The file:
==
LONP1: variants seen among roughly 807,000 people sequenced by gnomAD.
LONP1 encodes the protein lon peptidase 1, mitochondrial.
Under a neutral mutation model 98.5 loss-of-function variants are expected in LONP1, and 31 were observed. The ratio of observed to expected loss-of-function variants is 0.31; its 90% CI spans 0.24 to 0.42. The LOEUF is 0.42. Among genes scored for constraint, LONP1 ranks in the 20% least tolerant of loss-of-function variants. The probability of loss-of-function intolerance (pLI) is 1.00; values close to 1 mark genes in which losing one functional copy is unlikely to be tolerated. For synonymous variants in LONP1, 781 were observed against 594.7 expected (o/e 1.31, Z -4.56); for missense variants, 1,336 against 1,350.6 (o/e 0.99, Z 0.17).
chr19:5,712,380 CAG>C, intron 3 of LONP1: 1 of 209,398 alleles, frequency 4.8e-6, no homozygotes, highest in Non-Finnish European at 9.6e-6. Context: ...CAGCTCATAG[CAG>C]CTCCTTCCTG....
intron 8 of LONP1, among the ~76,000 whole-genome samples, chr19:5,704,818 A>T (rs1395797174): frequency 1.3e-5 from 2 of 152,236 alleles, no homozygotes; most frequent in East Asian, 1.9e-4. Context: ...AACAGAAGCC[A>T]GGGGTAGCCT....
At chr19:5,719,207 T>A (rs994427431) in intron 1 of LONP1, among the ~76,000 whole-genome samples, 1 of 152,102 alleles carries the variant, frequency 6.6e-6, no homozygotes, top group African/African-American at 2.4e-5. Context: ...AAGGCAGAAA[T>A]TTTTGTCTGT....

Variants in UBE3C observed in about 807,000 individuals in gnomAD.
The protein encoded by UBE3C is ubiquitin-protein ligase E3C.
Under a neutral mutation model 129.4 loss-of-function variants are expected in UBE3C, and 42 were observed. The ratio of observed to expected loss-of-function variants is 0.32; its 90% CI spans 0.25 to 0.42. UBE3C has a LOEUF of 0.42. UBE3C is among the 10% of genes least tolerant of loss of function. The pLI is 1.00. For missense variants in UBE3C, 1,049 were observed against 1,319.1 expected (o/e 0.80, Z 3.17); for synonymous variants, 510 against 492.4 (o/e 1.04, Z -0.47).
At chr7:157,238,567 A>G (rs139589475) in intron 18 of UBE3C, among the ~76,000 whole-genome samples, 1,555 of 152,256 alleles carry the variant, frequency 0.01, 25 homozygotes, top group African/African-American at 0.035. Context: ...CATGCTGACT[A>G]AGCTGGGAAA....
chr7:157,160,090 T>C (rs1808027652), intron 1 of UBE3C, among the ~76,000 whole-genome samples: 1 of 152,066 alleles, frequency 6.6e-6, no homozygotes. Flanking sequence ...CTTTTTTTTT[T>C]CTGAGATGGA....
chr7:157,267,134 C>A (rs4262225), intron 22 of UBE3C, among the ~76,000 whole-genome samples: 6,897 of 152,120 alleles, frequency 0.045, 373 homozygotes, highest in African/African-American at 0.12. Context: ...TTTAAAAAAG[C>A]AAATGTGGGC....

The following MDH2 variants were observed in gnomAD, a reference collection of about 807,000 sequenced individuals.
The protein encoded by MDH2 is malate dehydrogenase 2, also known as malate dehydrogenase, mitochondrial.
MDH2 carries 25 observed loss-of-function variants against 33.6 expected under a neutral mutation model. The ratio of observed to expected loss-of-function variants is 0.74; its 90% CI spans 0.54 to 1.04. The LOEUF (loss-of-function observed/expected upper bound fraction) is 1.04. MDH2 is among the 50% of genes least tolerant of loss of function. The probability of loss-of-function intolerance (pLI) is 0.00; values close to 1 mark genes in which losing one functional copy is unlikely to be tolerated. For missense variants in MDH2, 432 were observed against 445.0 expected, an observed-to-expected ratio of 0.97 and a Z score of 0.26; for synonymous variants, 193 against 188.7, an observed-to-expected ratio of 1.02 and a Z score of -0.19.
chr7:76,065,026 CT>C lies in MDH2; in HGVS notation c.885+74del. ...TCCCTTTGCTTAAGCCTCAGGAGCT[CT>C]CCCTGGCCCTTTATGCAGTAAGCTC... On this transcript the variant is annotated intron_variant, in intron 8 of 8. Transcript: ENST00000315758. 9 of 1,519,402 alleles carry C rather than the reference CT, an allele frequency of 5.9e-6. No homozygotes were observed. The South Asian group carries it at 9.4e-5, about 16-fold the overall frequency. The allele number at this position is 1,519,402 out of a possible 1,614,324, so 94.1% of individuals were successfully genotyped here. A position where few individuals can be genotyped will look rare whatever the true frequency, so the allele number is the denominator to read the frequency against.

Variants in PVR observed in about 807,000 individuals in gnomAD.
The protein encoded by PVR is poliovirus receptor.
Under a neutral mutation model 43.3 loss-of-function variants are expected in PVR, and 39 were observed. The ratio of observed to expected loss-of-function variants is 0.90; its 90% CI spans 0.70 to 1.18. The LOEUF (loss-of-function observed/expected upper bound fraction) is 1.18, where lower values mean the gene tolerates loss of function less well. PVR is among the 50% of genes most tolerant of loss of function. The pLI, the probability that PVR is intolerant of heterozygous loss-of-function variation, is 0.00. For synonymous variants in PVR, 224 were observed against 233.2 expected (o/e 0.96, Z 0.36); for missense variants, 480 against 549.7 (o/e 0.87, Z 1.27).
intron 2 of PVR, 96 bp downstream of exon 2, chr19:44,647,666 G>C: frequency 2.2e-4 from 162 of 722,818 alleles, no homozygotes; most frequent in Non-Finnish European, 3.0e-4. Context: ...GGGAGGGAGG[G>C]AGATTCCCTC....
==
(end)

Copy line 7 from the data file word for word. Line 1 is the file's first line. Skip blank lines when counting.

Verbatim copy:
Variants in UBE3C observed in about 807,000 individuals in gnomAD.